New research finds that the sex of humans and other mammalian babies may be determined by an ancient virus.
Avoiding orgasm, eating more fruits and vegetables, and taking a bath prior to sex are some of the many questionable tips and suggestions out there for conceiving a girl, but new research published in the journal Nature suggests the sex of your baby may have little to do with your diet and pre-sex rituals and more to do with an ancient virus.
A Yale University-led animal study found that the sex of baby mice, and perhaps the sex of human babies, may be determined by a modification of a virus that inserted itself into the X chromosomes of mammalian genes some 1.5 million years ago. Researchers discovered that the way the early embryo deactivates this ancient viral gene could influence the sex of the organism. United Press International reported that the epigenetic marker of the the viral gene is a methyl bond added to adenine, one of the building blocks that form DNA base pairs, which can silence genes.
Researchers found that if the level of this marker is normal, X chromosomes remain active, and females and males will have an equal ratio of being born. If this marker is overrepresented, X chromosomes will be silenced, and males will be born twice as often as females.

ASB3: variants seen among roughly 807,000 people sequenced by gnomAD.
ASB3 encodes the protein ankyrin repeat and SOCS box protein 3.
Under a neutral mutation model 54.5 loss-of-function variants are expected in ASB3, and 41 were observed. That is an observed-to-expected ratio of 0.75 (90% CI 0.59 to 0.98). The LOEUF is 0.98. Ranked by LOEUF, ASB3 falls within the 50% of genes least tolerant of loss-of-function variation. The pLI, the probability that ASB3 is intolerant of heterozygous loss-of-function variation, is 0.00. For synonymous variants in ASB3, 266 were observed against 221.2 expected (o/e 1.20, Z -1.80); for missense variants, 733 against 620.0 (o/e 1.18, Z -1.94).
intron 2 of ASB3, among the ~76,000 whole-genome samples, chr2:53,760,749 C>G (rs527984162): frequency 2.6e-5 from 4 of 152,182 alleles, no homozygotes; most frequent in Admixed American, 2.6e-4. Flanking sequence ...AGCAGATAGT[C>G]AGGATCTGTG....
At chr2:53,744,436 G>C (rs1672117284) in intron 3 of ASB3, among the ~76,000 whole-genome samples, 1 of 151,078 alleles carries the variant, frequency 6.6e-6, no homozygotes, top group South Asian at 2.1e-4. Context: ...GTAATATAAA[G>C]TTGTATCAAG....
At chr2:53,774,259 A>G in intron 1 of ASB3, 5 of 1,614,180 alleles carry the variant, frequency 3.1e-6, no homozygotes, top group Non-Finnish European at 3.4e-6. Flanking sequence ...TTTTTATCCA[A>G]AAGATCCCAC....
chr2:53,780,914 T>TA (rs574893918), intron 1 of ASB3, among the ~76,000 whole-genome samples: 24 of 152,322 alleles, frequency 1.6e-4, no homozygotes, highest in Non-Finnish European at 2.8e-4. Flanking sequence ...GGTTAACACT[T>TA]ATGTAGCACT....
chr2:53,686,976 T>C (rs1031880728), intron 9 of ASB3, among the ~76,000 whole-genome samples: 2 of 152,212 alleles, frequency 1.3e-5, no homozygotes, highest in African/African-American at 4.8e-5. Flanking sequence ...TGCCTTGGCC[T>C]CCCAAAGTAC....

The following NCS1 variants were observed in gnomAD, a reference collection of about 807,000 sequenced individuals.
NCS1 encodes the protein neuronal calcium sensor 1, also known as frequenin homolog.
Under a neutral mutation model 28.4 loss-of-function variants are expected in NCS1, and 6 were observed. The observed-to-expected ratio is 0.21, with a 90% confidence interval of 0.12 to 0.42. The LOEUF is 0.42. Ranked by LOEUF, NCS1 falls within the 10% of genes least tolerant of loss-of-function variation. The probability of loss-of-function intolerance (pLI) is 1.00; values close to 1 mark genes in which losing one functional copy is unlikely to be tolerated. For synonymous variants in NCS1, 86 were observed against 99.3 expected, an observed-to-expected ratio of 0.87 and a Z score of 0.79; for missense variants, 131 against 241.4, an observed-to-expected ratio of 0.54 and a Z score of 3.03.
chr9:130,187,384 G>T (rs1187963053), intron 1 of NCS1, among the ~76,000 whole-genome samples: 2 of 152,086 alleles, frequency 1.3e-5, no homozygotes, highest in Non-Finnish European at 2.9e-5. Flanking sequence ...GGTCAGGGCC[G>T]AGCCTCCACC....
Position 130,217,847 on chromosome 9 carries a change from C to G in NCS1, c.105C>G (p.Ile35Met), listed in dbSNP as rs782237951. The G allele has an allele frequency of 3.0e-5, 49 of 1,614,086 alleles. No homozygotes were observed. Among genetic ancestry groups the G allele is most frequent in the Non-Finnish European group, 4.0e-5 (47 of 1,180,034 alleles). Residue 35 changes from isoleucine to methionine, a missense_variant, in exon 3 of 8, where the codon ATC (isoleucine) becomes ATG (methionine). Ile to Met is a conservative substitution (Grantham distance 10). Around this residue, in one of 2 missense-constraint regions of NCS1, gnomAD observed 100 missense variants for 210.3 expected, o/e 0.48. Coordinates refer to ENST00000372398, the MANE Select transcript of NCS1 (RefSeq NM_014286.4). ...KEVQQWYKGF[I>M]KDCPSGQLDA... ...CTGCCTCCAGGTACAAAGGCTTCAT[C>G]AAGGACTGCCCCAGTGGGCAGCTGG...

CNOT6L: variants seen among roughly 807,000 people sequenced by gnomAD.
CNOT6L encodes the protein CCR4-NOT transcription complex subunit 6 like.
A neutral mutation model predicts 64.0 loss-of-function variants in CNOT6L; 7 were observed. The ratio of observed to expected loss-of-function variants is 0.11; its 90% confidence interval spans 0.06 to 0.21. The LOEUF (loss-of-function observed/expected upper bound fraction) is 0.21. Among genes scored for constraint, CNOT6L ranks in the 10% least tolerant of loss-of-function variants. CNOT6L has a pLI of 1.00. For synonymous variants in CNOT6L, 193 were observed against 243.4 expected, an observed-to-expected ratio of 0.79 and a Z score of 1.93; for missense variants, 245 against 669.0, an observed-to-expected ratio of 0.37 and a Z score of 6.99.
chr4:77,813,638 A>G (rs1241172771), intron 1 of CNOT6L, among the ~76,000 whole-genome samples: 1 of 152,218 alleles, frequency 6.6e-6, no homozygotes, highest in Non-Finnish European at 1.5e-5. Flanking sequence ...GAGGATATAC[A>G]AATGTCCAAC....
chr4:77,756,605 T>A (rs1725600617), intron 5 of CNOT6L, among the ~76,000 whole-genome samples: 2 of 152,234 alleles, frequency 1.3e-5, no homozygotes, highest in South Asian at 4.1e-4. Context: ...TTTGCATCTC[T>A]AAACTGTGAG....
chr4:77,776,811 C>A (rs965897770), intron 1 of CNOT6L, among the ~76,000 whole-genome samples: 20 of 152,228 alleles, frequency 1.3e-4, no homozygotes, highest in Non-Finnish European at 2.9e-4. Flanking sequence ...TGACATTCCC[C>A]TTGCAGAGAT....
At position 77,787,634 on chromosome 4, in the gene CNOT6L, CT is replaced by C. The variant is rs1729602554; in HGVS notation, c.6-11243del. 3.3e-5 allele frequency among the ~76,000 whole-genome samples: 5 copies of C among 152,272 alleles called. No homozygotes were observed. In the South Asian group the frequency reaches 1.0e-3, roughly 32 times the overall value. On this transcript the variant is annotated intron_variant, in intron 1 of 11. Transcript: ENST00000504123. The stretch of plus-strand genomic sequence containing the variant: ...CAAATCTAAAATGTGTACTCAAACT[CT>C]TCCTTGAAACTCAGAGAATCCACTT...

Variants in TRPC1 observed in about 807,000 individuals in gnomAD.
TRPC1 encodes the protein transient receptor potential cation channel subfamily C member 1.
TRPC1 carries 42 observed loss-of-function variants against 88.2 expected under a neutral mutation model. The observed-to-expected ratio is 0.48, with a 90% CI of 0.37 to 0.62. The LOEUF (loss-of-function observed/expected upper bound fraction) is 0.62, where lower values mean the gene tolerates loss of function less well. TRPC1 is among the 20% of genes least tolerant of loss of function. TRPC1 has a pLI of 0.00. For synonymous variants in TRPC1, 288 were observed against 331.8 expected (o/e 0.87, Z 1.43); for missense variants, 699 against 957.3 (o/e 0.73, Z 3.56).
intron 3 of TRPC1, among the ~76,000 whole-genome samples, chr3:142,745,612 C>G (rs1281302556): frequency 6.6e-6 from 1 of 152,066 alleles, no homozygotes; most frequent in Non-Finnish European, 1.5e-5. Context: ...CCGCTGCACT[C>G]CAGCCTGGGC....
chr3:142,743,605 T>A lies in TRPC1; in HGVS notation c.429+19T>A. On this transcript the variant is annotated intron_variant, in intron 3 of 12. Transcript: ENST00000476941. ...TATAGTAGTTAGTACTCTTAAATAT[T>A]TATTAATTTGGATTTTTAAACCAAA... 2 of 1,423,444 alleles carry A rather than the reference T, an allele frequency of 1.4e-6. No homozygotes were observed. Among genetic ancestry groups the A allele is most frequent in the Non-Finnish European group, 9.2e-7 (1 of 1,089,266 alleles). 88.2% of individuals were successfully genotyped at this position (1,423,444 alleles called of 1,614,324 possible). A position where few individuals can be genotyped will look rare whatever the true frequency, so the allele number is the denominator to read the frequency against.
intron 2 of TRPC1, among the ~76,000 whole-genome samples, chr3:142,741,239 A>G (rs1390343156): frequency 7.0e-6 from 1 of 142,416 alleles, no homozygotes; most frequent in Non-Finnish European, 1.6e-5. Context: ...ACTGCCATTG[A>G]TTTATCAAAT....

It is unknown why this ancient viral gene determines sex ratios, but researchers said in a press release that the virus that influences sex ratios “is relatively recent — in evolutionary terms — and is enriched on the X chromosome.”
“Basically, these viruses appear to allow the mammalian genome to continuously evolve, but they can also bring instability,” said Andrew Xiao, senior author of the study. “Aside from the embryo, the only other places people have found this virus active is in tumors and neurons.”
Remnants of ancient viruses make up more than 40 percent of the human genome, researchers said. In most cases, these remains are inactive, but sometimes they “can interfere with development or health,” Xiao told Live Science.
What’s more, Xiao believes that, aside from helping to determine the sex of offspring, this mechanism could be used to suppress cancer since the ancient viral gene could be helping tumors grow.
Interestingly, researchers said that in other organisms, such as the nematode C. elegans and the fruit flyDrosophila, this mechanism plays an entirely opposite role and activates genes rather than suppresses them. “Evolution often uses the same piece but for different purposes,” Xiao said, “and that appears to be the case here.”